A Long Way Gone
A few days ago I finished the book, “A Long Way Gone” by Ishmael Beah.
The book is his memoirs about being recruited to be a child-soldier in Sierra Leon in the 1990s. The story follows him from childhood and running from the war, to being recruited to fight, through a rehabilitation clinic run byUNICEF and then to a new home in the United States.
Often we hear from groups (that will not be named here because I don’t want to give them one more search result on the internet) telling us what it is like to be a child soldier. These are mostly white suburbanites who think that one more rally of white suburbanites and a little bit more awareness among those people will change the the situations in these countires. Groups like this one tend to raise a lot of money to print a lot of t-shirts to give out to people here, but really only get about 25 cents from every dollar back into that country.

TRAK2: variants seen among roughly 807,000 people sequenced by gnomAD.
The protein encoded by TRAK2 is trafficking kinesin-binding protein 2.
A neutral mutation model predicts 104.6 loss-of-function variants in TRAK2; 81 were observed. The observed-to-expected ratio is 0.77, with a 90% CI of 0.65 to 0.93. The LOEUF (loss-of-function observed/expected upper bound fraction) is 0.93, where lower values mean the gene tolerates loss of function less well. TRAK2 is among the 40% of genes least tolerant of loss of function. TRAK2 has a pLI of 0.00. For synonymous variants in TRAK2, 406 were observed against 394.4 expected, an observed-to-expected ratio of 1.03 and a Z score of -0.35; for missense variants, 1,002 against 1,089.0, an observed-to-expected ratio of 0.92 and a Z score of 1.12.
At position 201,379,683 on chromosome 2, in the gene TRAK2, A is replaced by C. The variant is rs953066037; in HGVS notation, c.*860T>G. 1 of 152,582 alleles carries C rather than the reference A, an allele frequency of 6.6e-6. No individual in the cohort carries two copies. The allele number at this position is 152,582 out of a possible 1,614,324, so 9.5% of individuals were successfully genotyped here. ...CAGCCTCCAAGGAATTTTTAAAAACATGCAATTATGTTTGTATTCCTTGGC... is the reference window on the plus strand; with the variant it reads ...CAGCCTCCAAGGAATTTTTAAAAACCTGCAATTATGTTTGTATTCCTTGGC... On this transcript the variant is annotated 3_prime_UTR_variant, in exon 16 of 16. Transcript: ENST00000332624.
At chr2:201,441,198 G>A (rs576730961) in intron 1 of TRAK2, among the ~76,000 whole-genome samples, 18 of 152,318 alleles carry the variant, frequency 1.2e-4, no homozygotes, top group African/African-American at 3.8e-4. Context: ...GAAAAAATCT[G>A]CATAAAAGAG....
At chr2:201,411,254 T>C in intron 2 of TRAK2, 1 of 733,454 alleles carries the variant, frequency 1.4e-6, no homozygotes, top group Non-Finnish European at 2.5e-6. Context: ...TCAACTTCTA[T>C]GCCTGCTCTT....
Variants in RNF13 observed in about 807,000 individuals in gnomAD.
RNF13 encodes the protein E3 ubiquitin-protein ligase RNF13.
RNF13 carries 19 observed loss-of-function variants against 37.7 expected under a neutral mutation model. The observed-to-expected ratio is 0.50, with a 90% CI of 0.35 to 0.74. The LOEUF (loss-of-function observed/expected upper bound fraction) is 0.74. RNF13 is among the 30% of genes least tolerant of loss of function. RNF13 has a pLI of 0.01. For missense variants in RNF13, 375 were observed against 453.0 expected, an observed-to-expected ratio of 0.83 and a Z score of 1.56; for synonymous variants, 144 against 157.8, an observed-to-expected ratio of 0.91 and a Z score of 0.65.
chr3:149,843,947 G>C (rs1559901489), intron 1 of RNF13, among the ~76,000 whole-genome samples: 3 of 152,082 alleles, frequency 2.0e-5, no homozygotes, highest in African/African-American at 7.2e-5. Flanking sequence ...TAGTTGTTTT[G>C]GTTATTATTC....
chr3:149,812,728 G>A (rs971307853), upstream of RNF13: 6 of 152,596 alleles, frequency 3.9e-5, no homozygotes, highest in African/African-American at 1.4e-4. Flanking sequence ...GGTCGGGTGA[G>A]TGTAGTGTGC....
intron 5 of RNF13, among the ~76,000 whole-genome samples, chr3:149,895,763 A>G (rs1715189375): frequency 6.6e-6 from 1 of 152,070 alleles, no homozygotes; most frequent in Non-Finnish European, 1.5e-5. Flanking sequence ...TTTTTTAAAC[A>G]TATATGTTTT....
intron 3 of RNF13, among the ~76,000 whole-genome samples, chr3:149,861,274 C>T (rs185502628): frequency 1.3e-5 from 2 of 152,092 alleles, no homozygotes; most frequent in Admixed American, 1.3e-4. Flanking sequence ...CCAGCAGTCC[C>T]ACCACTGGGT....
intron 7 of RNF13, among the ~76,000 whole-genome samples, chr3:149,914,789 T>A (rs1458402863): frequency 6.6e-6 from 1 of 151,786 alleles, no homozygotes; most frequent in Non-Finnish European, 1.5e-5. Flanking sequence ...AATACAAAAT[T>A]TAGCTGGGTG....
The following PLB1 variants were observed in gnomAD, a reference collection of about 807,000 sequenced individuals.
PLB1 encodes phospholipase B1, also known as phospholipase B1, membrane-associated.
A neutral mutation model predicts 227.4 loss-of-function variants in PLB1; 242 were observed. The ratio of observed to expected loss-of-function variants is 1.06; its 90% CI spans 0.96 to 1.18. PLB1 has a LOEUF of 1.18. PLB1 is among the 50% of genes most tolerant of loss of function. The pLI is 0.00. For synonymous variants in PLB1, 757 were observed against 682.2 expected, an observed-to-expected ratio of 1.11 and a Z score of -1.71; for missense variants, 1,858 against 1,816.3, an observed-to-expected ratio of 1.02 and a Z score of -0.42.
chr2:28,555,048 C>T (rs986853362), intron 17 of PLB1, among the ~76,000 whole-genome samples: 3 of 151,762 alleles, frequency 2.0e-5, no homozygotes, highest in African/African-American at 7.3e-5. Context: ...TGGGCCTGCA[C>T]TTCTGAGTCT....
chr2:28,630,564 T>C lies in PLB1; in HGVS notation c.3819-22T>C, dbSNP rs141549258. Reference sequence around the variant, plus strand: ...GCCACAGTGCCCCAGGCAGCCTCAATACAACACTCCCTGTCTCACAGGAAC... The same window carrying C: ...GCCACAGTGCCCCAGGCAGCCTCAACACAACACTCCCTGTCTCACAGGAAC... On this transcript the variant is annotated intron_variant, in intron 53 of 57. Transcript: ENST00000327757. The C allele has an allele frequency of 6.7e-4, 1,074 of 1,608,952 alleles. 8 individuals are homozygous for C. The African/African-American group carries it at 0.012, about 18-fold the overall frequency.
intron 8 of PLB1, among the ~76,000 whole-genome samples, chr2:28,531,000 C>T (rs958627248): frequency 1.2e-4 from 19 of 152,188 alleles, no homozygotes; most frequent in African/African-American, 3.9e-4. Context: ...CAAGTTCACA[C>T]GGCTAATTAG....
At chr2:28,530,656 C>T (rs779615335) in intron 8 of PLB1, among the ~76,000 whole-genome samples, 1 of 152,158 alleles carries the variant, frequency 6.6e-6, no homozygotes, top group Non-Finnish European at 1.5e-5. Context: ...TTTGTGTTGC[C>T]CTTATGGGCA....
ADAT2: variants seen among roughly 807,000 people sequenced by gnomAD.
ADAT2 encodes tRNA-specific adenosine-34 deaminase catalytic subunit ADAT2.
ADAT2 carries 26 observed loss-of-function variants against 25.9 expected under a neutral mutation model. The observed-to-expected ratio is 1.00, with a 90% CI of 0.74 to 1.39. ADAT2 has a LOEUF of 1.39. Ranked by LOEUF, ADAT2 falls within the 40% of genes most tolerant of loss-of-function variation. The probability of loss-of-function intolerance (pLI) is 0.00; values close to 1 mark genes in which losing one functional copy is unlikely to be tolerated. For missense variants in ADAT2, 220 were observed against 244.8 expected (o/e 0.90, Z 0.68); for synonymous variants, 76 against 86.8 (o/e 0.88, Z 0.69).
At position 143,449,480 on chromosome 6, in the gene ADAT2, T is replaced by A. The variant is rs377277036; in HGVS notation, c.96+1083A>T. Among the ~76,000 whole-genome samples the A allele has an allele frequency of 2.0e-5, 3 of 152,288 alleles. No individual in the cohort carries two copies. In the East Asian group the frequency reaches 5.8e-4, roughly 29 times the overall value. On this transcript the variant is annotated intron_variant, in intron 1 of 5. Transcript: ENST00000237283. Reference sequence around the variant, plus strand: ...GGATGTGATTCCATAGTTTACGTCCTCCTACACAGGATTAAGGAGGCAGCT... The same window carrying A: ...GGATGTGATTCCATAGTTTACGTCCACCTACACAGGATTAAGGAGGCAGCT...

It was refreshing to read that the groups that really changed this kids life were the nonprofits and world organizations that funnel tons of people, money and resources back into these areas like UNICEF and other related organizations who specialize in child rehabilitation and care.
I know I have said it before, and I will say it again. I love UNICEF, and it was good to see that my love of this organization was not misplaced. Beah himself said that it was this organization that saved him.
The book is a telling story about what it is like growing up in a war-torn country. This is something that is becoming more and more visible to Americans through cinematic depictions like “Hotel Rwanda” or the less popular but perhaps better “Sometimes in April.” However, to my knowledge this is the first real book to come from a child soldier, I could be wrong about that.
Whatever the case, it is a valuable book to read and a book that is worth adding to your library whether you are in to psychology, education, politics or really love stories of redemption and hope.